Like the ugly duckling discovering he is a beautiful swan, so I am discovering my true identity whenever I find in your Word more of how you want me to live. I am only fully alive, achieving my highest when, empowered by your Spirit, I am living your glorious Word.

    To shrink from your liberating truth is like a shivering child fearing warmth, and yet too often this is how I live. Not to obey your commands is like money never spent, food never eaten, warm baths of pleasure never luxuriated in. Change my whole way of thinking that I might continually relish discovering and doing your will.

    To see as you do, I must, as it were, see through tear-filled eyes at a God-hating world. Fill me with compassion for those who despise me. Make my heart tender.

    I must take on your nature or I will always find bewilderingly incompatible your love and wrath, your mercy and judgments, and so many other aspects of your perfection. Either I yield to your longing to make me pure, selfless and righteous, or else biblical concepts like turning the other cheek, it being more blessed to give than to receive, and so much else will seem nonsensical to me. Without your holy, eternal perspective, I’ll never understand even fellow humans like the apostle Paul who, despite horrific torture and deprivations, kept talking of joy and “light, momentary” afflictions so inconsequential as to be beneath attempting a comparison with future glories.

    As I’ll never see what lies ahead unless I keep moving forward, so I’ll languish in ignorance unless I’m daily living more and more of your Word.

    As a vine bursts into seasons of fruitfulness only if it endures times when it seems nothing but a dry, twisted stick, so I must persevere, seeking your face and reading your precious Word no matter how dry it sometimes seems. May I cherish your word more than a starving man with his last crumbs.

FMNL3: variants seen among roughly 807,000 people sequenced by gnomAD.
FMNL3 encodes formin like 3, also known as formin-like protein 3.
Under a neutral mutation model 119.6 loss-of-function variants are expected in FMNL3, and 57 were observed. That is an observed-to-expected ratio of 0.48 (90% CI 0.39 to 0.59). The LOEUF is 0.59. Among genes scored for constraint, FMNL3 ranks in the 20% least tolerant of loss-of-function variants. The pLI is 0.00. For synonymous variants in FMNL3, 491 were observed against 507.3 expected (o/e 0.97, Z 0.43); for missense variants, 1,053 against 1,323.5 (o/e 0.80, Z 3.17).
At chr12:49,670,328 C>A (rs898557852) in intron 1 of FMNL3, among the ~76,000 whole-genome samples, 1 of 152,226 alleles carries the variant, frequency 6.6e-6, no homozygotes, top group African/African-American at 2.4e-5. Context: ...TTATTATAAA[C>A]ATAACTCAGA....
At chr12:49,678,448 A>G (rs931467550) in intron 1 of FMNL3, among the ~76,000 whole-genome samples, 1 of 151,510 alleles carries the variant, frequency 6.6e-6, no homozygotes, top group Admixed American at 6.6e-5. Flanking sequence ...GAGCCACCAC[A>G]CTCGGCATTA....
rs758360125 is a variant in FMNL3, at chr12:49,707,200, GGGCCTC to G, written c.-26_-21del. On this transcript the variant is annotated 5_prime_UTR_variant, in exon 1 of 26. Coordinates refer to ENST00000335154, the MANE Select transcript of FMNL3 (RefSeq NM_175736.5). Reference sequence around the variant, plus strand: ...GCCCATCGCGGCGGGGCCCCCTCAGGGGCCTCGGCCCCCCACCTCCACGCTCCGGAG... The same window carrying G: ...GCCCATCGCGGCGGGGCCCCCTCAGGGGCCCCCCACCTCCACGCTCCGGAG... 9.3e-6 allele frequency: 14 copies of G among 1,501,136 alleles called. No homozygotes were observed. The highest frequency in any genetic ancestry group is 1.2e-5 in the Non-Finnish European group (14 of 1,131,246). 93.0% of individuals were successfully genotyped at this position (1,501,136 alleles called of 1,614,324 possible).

Keep prodding me to courageously press against the tide of popular thinking – even popular Christian thinking – whenever it clashes with your full and glorious truth. Break me out of the straight jacket of human thinking so that I might soar with you. Stop me from swallowing half-truths. Take me way beyond my natural intellect and morality. Give me no peace while I’m content to settle for second best. One by one, expose my blind spots and deal with everything within me that saddens you. Don’t let me get away living a shallow life. May my every moment bring you joy. May I give you my best and receive your best.

    I can do none of this alone – and I thank you that I don’t have to – but in your love for me you wait for me to cooperate. And in my love for you I want to dedicate to you my every effort.

    I yield to you, like a brush to the artist, like a drowning person to his rescuer, like a lover to caresses.

The Next Page

The next page delves further into how heart issues affect our ability to interpret Scripture correctly. You might have already read this page if you explored a link on an earlier page in this series. Or perhaps you would prefer a change of pace by exploring the related issues listed below. Otherwise, you’ll enjoy:

The Heart of Bible Interpretation

An important webpage that helps us locate and navigate around some of the other dangers is How to Avoid Deception.

Beginning of this series

Related Webpages

Soul-winning Tips Understanding that the real obstacles to people becoming Christians are not intellectual but spiritual and heart issues

Spiritual Secrets Encouraging insights into what dying to self is really about

How to Avoid Deception

Truth: An Awesome Responsibility

Not to be sold. © Copyright, Grantley Morris, 2005, 2017. For much more by the same author, see These writings may be freely copied provided they are not placed in a webpage, nor in anything that is sold and provided this entire paragraph is included. For use outside these limits, written permission is required. Freely you have received, freely give.

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Bible Versions Used
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King James Version

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World English Bible